Oceanside Harbor Police have been dealing with an uptick in reports of electric foil surfboards in the harbor, prompting questions about whether the devices are considered vessels by regulatory agencies. The California Department of Motor Vehicles says yes.
OCEANSIDE— Harbors and marinas throughout the country have seen an increase in the amount of human powered watercraft on their waterways with much of the activity centered on the booming paddleboard explosion. Now motors have been popping up on paddleboards, kayaks and even surfboards and the new trend has been causing a stir in Oceanside Harbor.
Oceanside Harbor Manager Ted Schiafone said in an email electric foil surfboards have become a popular attraction in the area and have caused some waves in maritime law enforcement. These watercraft have a lithium-ion battery as a power source and/or a hydrofoil that extends below the board into the water.
“These new electric foil surfboards are difficult to carry so it’s much easier to launch one at a public dock and simply ride it out into the ocean and surf line,” Schiafone said in an email. “As more of these new watercraft hit the Harbor, our slip renters began calling about enforcement.”
Schiafone went on to say it’s easy to spot a trolling motor mounted on a kayak, but the new technology has made it more difficult to identify an electric motor built into a paddleboard, kayak or surfboard.
“This new technology allows a surfboard to rise up on the foil at about 5mph and travel as fast as 30mph,” Schiafone said. “Once the surfboard leaves the friction of the water, there is no wake so spotting its movement is more difficult, especially at daybreak or twilight.”
Surfboards of any kind, including foil and electric, have been banned in Oceanside Harbor for safety reasons. Boat operators have trouble seeing them due to obstructions in and around the water and poor visibility of the small fraction of the person that is above the water’s surface.
While the issue has been resolved in the Oceanside Municipal code, Oceanside Harbor Police had issue with enforcement, because surfboards are technically not a “vessel” and they didn’t produce a wake. Schiafone reached out to the U.S. Coast Guard, hoping to gain some more clarity on the issue as to whether they would be considered vessels.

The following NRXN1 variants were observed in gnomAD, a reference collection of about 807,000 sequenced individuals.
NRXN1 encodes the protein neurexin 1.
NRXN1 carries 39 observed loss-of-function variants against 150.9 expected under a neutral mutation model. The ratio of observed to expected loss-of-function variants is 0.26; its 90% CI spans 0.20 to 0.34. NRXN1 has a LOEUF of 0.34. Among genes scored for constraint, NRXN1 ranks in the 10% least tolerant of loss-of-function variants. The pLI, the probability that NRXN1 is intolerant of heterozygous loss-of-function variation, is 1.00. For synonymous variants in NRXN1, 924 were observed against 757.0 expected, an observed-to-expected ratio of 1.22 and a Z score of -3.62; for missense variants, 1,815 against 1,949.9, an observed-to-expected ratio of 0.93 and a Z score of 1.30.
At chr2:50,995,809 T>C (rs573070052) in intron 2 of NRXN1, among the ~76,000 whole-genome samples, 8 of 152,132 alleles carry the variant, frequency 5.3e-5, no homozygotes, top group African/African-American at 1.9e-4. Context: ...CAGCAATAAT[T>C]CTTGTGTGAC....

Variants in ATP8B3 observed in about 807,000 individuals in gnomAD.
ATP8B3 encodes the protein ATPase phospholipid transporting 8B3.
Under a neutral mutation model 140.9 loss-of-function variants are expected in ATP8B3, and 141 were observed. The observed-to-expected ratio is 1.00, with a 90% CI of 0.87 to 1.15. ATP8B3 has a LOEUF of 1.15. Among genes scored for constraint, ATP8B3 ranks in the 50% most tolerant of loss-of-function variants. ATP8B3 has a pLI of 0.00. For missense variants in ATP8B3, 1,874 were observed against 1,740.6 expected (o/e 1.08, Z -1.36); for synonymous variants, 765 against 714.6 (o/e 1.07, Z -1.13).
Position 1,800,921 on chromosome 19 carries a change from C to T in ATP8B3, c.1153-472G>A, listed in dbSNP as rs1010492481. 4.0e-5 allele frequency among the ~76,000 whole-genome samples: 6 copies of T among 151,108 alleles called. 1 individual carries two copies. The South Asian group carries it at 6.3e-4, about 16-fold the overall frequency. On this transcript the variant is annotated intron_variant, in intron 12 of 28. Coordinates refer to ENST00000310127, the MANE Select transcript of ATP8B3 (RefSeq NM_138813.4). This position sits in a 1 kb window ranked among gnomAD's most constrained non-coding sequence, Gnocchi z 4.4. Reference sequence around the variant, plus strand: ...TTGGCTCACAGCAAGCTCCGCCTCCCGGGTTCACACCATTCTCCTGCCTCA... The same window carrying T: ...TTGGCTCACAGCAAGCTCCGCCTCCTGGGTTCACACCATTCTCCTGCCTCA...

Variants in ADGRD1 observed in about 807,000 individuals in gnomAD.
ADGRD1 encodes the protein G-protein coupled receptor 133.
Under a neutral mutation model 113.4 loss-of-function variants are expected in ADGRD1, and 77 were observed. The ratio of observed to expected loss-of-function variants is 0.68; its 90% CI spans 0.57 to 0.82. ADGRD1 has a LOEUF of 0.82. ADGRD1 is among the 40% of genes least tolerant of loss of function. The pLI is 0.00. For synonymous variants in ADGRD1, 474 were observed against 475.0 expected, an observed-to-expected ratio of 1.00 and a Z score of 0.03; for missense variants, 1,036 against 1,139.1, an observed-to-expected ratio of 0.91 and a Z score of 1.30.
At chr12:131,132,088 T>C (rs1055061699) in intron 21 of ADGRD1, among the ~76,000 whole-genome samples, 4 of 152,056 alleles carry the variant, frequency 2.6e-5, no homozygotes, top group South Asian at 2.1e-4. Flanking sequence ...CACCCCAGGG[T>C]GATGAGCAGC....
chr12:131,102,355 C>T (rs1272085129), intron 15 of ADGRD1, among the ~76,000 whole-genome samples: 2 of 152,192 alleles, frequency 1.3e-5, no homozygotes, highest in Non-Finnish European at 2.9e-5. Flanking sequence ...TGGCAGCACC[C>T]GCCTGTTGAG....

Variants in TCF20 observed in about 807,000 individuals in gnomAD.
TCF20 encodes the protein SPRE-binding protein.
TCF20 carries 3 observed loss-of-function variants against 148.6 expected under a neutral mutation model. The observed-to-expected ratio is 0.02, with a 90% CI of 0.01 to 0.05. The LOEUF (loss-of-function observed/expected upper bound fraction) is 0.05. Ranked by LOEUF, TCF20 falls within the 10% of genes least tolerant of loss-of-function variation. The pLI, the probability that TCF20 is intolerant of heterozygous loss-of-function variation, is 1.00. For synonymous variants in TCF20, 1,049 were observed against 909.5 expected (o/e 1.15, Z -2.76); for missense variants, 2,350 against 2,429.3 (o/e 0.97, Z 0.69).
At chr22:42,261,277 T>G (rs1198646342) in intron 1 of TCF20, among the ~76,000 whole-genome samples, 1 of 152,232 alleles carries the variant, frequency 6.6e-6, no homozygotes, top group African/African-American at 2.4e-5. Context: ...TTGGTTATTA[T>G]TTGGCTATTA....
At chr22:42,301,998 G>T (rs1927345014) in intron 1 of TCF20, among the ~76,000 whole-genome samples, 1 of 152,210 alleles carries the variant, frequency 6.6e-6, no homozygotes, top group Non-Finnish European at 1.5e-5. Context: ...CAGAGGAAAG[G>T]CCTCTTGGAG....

Under USCG regulations, any craft determined to be a vessel requires safety equipment, including a personal flotation device, and registration. Gold dredges, paddleboards, argo-amphibious ATVs, kiteboards and float tubes have all been determined to be vessels, but electric foil surfboards are not currently named as a vessel.
“The U.S. Coast Guard doesn’t regulate this type of vessel unless it’s in commercial service or for hire, aka paying passengers/consideration involved,” USCG San Diego Sector External Affairs Officer Lieutenant Liesl Olson told The Log in an email.
He went on to say the State of California Department of Motor Vehicles does all boat/vessel registrations and would be in charge of any local requirements for safety and registration. The DMV requires any boat/vessel with a motor no matter the size, to be registered with DMV in order to legally operate it on California waterways.
“This would apply to surfboards, kayaks and stand-up paddleboards that have a motor attached,” Nicholas Filipas, a Public Information Officer with the California DMV, said in an email.
More information about registering a vessel with the DMV can be found at https://bit.ly/3gnKOcU.
A similar issue was raised when the paddleboard industry began to boom. In 2008, USCG made the determination paddleboards used outside a swimming or surfing area are “vessels.” The designation requires paddleboarders to have a life jacket, a whistle to warn other boaters if necessary or in an emergency, a navigation light after sunset and to know and follow the Navigation Rules.